A unique series of events have taken place, leading to unusual criminal charges filed Tuesday against two Republicans in the wake of the November 2020 election. Matt DePerno, former Michigan attorney general candidate, and Daire Rendon, former state representative for Lake City, are both facing multiple felony charges following what has been described as a “cautious, deliberate approach” by prosecutors.
The Michigan Attorney General’s office, along with Michigan State Police, initially launched an investigation after the Michigan Secretary of State’s office requested a probe into third-party access to voting equipment. However, Dana Nessel, Attorney General, ran into a conflict of interest, as DePerno’s name was linked as one of the main instigators of the alleged voting machine conspiracy.
In response, Nessel’s office petitioned the Prosecuting Attorneys Coordinating Council to appoint a special prosecutor, DJ Hilson of Muskegon County, to handle any potential prosecution. Instead of bringing charges himself, Hilson petitioned to form a citizen’s grand jury to indict DePerno and Rendon.
Grand juries are rarely used for such matters; Detroit criminal defense lawyer Steve Fishman pointed out that prosecutors usually have the full authority to file charges. However, grand juries do allow a buffer between an elected prosecutor and the requested charges, and they also offer a platform for citizens to weigh in on the charging process.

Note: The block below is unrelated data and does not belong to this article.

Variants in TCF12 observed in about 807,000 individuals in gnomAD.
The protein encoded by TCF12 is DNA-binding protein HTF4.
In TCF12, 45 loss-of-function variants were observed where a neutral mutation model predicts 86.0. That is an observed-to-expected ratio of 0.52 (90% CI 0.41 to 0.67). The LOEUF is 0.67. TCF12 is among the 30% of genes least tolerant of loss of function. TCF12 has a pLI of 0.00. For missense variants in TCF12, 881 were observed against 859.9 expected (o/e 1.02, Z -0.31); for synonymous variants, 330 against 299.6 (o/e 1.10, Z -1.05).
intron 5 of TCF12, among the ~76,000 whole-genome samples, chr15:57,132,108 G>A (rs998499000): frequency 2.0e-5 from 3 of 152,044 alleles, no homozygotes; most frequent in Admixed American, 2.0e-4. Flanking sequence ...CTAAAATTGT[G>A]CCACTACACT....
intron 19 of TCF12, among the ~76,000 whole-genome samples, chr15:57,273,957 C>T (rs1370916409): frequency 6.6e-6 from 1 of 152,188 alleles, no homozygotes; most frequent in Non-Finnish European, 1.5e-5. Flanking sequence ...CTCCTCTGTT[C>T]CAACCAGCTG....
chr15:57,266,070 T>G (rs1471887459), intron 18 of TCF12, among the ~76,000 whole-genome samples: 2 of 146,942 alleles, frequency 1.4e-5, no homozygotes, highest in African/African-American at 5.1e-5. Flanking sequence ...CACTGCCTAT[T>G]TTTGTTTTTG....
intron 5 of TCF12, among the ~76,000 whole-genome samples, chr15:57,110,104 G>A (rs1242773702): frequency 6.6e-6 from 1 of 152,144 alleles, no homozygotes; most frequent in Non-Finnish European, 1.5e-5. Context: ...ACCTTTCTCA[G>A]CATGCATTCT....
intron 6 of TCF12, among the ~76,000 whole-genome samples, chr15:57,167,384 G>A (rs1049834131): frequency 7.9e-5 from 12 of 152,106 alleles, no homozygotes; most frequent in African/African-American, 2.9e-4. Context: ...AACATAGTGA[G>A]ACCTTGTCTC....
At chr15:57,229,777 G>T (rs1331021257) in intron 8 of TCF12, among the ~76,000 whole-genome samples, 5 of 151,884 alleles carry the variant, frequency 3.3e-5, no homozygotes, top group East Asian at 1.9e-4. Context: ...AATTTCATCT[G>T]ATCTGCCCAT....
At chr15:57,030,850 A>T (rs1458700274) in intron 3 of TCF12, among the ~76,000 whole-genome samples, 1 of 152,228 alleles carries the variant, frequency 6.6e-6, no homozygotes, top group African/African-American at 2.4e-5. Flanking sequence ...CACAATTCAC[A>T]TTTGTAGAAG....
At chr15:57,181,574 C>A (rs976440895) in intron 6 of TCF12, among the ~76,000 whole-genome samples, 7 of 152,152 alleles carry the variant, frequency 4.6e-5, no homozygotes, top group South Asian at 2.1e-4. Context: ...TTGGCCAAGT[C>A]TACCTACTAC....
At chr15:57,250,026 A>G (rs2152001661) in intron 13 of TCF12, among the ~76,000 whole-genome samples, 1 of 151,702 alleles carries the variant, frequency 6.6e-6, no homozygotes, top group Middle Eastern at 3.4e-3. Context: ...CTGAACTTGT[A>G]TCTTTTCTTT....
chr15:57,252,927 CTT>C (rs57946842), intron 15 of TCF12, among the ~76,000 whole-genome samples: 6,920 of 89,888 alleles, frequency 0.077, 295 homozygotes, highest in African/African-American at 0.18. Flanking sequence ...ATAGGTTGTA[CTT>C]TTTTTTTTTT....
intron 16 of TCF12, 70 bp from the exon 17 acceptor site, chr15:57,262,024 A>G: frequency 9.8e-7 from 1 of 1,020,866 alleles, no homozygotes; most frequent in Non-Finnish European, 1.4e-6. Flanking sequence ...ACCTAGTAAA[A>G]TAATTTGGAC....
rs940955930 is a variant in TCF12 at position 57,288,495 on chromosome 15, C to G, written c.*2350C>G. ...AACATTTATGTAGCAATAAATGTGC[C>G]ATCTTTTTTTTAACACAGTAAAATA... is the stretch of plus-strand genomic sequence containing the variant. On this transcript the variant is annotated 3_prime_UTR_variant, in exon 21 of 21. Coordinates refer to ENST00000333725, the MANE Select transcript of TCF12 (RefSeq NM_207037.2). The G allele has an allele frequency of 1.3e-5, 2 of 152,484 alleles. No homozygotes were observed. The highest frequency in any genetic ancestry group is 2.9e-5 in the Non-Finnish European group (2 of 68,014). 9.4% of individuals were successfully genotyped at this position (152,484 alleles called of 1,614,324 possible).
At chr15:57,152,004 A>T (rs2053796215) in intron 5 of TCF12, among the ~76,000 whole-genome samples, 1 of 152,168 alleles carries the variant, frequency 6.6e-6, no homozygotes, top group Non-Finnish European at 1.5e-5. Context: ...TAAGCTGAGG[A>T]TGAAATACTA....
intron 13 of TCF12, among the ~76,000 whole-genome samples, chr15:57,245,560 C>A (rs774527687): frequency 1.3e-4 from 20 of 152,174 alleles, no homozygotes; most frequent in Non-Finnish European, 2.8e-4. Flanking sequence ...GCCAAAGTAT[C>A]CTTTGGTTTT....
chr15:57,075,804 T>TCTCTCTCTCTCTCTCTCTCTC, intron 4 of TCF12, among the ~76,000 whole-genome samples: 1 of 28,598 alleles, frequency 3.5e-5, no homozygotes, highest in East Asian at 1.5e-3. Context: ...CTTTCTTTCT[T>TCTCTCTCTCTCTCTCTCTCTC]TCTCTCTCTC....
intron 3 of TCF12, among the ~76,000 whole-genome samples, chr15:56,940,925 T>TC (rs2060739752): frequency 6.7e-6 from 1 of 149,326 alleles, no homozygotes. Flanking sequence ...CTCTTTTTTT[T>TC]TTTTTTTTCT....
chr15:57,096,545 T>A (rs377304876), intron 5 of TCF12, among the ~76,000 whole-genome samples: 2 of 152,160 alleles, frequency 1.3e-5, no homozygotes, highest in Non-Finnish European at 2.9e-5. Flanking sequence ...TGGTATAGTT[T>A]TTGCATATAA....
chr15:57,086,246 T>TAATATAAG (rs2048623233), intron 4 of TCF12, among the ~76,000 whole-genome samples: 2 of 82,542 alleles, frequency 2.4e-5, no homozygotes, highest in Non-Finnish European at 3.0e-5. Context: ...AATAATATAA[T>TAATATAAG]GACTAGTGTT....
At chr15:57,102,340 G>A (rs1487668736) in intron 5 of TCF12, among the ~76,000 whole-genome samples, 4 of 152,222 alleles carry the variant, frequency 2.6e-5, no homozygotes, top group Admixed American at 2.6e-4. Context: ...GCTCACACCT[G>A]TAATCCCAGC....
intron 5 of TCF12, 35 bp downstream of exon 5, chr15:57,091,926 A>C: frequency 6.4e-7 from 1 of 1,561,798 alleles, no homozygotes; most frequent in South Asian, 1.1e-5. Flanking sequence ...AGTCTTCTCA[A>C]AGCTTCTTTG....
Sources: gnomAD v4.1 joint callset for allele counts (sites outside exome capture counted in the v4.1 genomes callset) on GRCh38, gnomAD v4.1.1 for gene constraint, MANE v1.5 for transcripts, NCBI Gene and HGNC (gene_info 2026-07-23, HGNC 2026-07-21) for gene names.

Hilson’s work showed his extreme caution, seeking a preemptive interpretation of the Michigan election law by a judge. The law states that possessing voting machines is only permissible with authorization from the Secretary of State or a court order. The judge found that this law was being broken, awarding the grand jury the cause to indict DePerno and Rendon.
Though the process is still ongoing, DePerno and Rendon have each been arraigned and released on personal bond. In response to the charges, Nessel has deemed Hilson’s strategy an “extraordinary measure.”
Though the grand jury’s decision is the final verdict in this case, the detailed groundwork that brought this to fruition may still face scrutiny. Stefanie Lambert Junttila, one of those originally under investigation, has threatened to sue Hilson, accusing him of misrepresenting the election law to the grand jury even after the court ruling. Furthermore, legal experts may continue to examine the unorthodox approach to a seemingly very political case.